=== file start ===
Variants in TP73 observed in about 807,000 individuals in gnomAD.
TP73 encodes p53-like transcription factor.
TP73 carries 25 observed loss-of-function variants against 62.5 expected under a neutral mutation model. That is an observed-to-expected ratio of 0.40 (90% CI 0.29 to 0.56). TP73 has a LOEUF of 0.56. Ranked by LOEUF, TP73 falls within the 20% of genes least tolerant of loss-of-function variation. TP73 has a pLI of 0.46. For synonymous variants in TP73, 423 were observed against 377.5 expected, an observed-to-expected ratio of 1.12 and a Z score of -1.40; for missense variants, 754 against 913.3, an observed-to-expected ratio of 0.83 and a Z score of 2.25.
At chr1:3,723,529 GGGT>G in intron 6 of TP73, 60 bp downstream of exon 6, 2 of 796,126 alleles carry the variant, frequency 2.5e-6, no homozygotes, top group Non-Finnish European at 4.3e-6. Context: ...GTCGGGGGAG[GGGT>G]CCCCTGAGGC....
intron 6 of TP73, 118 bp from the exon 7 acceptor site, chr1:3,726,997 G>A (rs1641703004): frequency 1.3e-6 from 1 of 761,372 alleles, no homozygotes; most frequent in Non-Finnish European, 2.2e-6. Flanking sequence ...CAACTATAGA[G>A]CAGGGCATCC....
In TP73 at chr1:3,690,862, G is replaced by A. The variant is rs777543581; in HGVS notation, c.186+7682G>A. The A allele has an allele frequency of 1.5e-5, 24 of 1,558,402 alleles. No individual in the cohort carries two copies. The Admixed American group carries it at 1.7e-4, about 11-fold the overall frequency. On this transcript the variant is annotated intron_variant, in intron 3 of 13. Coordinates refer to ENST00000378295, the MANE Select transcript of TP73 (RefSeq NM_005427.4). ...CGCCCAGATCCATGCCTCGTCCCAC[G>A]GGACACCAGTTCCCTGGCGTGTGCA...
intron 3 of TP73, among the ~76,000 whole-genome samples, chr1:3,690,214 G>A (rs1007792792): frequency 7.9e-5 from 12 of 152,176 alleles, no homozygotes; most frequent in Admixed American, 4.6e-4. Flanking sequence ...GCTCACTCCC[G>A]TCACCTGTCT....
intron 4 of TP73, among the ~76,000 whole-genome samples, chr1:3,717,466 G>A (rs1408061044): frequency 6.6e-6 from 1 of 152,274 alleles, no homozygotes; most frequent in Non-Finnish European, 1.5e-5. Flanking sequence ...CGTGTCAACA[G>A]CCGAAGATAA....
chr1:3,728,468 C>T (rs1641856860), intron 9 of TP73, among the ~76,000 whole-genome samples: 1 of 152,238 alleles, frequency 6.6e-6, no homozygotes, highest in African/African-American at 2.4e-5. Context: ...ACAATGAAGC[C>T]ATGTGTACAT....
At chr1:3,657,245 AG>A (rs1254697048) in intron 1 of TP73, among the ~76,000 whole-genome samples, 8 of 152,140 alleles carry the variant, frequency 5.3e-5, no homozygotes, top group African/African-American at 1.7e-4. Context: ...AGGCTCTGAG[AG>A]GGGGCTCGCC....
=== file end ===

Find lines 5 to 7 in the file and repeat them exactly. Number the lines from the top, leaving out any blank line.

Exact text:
intron 6 of TP73, 118 bp from the exon 7 acceptor site, chr1:3,726,997 G>A (rs1641703004): frequency 1.3e-6 from 1 of 761,372 alleles, no homozygotes; most frequent in Non-Finnish European, 2.2e-6. Flanking sequence ...CAACTATAGA[G>A]CAGGGCATCC....
In TP73 at chr1:3,690,862, G is replaced by A. The variant is rs777543581; in HGVS notation, c.186+7682G>A. The A allele has an allele frequency of 1.5e-5, 24 of 1,558,402 alleles. No individual in the cohort carries two copies. The Admixed American group carries it at 1.7e-4, about 11-fold the overall frequency. On this transcript the variant is annotated intron_variant, in intron 3 of 13. Coordinates refer to ENST00000378295, the MANE Select transcript of TP73 (RefSeq NM_005427.4). ...CGCCCAGATCCATGCCTCGTCCCAC[G>A]GGACACCAGTTCCCTGGCGTGTGCA...
intron 3 of TP73, among the ~76,000 whole-genome samples, chr1:3,690,214 G>A (rs1007792792): frequency 7.9e-5 from 12 of 152,176 alleles, no homozygotes; most frequent in Admixed American, 4.6e-4. Flanking sequence ...GCTCACTCCC[G>A]TCACCTGTCT....